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College of Business launches Center for Transformative Sales & Supply Chain Leadership

Kim Chaudoin  | 

Graphic of supply chain

Lipscomb University’s College of Business, recognized across Tennessee and nationally as a leader in business education, is launching a first-of-its-kind Center for Transformative Sales & Supply Chain Leadership

Lipscomb’s Center for Transformative Sales & Supply Chain Leadership will serve as an academic hub for current and future leaders of the sales profession by educating students in the most advanced concepts and practices of sales as well as developing  supply chain managers and leaders through research, education and training on campus and in the Nashville community and around the world.

“The importance of supply chain and logistics has been evident particularly over the last year as our nation has responded to the COVID-19 pandemic and we have experienced challenges to these areas as a result,” said Ray Eldridge, dean of Lipscomb’s College of Business. “Sales also plays a critical role in the process. Preparing tomorrow’s leaders in these vitally important aspects of business who also understand their transformative power is a priority of this new center.”

Transformative sales and supply chain is an approach which focuses on how business practices can positively impact the lives of customers and employees through a focus on environmental business practices, the social impact of organizations on employees and society, integration of faith and ethics, and supply chain innovation. It is a unique approach that reflects the Lipscomb College of Business foundational core values.

“At Lipscomb, we believe in ‘business as mission,’ explained Eldridge. “We encourage our students to engage in local and global outreach opportunities, and prepare them to excel in their vocational calling as servant leaders. This center takes our already strong supply chain management program to the next level by focusing on preparing leaders who will use sales and supply chain to meet the needs of humanity locally and globally through research, education and the creation of an ecosystem of innovators.”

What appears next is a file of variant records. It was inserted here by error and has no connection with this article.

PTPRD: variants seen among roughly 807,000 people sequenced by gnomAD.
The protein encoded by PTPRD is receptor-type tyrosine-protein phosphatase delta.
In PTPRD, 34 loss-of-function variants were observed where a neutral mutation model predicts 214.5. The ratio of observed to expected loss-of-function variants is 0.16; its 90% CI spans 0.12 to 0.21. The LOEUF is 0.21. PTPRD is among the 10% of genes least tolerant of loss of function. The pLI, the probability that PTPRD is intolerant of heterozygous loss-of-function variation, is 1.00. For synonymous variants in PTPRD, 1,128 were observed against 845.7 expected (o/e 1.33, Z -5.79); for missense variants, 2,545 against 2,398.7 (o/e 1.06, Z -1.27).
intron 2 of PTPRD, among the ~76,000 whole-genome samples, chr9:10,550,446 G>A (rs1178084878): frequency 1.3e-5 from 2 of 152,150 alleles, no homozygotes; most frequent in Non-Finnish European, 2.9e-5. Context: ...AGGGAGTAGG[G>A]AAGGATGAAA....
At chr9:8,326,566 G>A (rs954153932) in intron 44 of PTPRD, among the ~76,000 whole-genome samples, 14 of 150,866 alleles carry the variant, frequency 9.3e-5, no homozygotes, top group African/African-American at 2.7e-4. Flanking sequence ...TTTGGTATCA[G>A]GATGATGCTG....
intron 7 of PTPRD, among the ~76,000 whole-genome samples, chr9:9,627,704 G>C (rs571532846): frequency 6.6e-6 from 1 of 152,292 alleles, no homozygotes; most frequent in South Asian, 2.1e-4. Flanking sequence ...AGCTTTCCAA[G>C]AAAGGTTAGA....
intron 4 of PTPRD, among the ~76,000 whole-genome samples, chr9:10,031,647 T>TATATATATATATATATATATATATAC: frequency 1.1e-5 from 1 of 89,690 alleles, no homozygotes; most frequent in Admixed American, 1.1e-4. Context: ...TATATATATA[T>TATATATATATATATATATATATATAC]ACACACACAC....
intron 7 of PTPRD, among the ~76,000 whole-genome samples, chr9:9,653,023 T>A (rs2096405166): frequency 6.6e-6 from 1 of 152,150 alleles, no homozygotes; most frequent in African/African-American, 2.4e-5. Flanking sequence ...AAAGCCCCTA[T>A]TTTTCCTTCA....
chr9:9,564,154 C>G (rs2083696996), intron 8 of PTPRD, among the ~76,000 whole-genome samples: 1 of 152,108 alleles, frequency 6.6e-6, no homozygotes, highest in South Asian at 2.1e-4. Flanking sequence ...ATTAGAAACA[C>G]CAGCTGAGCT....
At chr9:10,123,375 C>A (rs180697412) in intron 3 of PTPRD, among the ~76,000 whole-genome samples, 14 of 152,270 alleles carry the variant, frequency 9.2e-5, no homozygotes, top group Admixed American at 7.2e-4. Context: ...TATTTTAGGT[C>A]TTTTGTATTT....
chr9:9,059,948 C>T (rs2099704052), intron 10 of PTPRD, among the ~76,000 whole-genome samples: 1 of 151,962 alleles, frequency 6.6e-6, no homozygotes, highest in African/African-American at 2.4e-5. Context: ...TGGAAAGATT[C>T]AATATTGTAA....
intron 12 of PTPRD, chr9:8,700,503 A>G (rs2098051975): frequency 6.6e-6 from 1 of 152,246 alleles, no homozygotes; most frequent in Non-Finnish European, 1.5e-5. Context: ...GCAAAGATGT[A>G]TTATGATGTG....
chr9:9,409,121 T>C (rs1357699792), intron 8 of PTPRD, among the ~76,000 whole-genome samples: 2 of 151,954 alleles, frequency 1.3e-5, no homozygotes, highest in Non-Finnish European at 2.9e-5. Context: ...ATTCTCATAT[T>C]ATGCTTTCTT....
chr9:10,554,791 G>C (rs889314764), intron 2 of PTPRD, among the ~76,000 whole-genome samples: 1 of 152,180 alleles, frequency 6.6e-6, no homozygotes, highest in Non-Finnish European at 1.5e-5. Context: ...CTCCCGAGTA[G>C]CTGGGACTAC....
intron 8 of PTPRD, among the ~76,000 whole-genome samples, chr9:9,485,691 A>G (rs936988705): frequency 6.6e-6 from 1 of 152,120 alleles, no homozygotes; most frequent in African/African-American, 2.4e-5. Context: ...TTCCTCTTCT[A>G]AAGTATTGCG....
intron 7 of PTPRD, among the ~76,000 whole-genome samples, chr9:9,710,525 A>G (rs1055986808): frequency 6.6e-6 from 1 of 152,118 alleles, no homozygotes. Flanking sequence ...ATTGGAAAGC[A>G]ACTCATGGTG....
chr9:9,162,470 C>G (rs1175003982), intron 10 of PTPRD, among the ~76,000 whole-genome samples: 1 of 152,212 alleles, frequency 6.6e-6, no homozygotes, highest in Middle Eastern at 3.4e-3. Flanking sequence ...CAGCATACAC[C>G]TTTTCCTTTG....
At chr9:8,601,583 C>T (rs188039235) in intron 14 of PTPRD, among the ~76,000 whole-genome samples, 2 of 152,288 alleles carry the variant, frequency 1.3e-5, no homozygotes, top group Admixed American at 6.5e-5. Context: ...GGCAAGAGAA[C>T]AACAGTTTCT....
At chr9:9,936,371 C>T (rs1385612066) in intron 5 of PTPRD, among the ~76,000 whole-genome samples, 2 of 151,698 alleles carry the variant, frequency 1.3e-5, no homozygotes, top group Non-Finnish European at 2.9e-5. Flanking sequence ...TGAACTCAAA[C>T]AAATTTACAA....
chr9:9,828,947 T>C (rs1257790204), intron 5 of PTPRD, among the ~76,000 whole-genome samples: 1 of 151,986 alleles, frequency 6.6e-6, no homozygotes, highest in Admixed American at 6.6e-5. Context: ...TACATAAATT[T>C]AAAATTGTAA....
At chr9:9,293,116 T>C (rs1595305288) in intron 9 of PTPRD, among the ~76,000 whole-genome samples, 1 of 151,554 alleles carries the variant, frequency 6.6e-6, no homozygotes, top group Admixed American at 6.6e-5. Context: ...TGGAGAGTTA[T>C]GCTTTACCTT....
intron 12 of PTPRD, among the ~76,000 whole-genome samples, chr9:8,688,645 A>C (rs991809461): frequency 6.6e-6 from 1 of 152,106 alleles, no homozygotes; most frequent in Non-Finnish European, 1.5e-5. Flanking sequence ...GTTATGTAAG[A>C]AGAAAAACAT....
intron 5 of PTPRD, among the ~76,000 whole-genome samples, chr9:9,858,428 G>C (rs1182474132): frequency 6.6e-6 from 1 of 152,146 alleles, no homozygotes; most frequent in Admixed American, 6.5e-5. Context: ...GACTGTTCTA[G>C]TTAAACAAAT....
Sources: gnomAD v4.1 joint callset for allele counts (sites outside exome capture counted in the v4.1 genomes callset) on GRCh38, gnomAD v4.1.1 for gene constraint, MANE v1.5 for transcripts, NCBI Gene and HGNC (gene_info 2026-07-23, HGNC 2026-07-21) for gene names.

Hannah Stolze head shot

Hannah Stolze, associate professor in the College of Business, is director of the center. Her recent research has been in transformative supply chain management and sustainability, both looking at social and environmental issues. 

“The transformative space examines the impact of business on human flourishing,” explains Stolze. “Businesses know how to get customers to buy services and products, but are these services and products actually improving their lives? This is a more holistic approach that also takes a look at impact, not only on the customer but also on employees. One of the pillars of trends in the corporate responsibility consumer space is wisdom, which I love especially with the faith-based application of that and being at a place like Lipscomb.”

In fall 2013, in response to the growing workforce need for leaders in supply chain and logistics in the Nashville area and around the world, Lipscomb launched its supply chain management program, which began in partnership with Hang Seng Management College in Hong Kong, becoming the first globally partnered program of its kind in Middle Tennessee. As part of the program, students studied for one semester at Hang Seng Management College, located in Hong Kong, one of the largest logistics centers in the world. 

The Nashville Area Chamber of Commerce targeted the supply chain management industry as one of its five key focuses for economic growth in the city as part of its Partnership 2020 plan, a five-year economic development strategy for the 10-county Middle Tennessee region that was launched last year. According to the chamber’s report, “Supply chain management and logistics are primarily driven by location and cost-to-market analysis done by corporations that are constantly examining ways to more efficiently and effectively reach their customer base. Fortunately, Nashville has a central location in the heart of the U.S. population base that often aligns with corporate America’s customer base analysis. This region is unmatched for its distribution potential, market research and ranks as a particularly competitive location for affordable transportation costs.” Chamber officials also cited the industry’s great potential for growth and job creation potential as other reasons to focus on this aspect of the manufacturing process. In recent years, according to the chamber, the Nashville area has become a “‘who’s who of top logistics and distribution firms,” which also provides numerous internship and learning opportunities for students, said Eldridge. 

Lipscomb’s Center for Transformative Sales & Supply Chain Leadership will house the College of Businesses current undergraduate degree in supply chain management and will look to add new undergraduate, graduate and certificate programs, including a business as mission track, in the future as well as to develop workshops, bootcamps and training for industry professionals around the world in a variety of areas such as customer analysis, service quality analysis, demand and supply integration, professional sales skills and sales management. For more information about the Center for Transformative Sales & Supply Chain Leadership visit www.lipscomb.edu/business or email Hannah Stolze at hannah.stolze@lipscomb.edu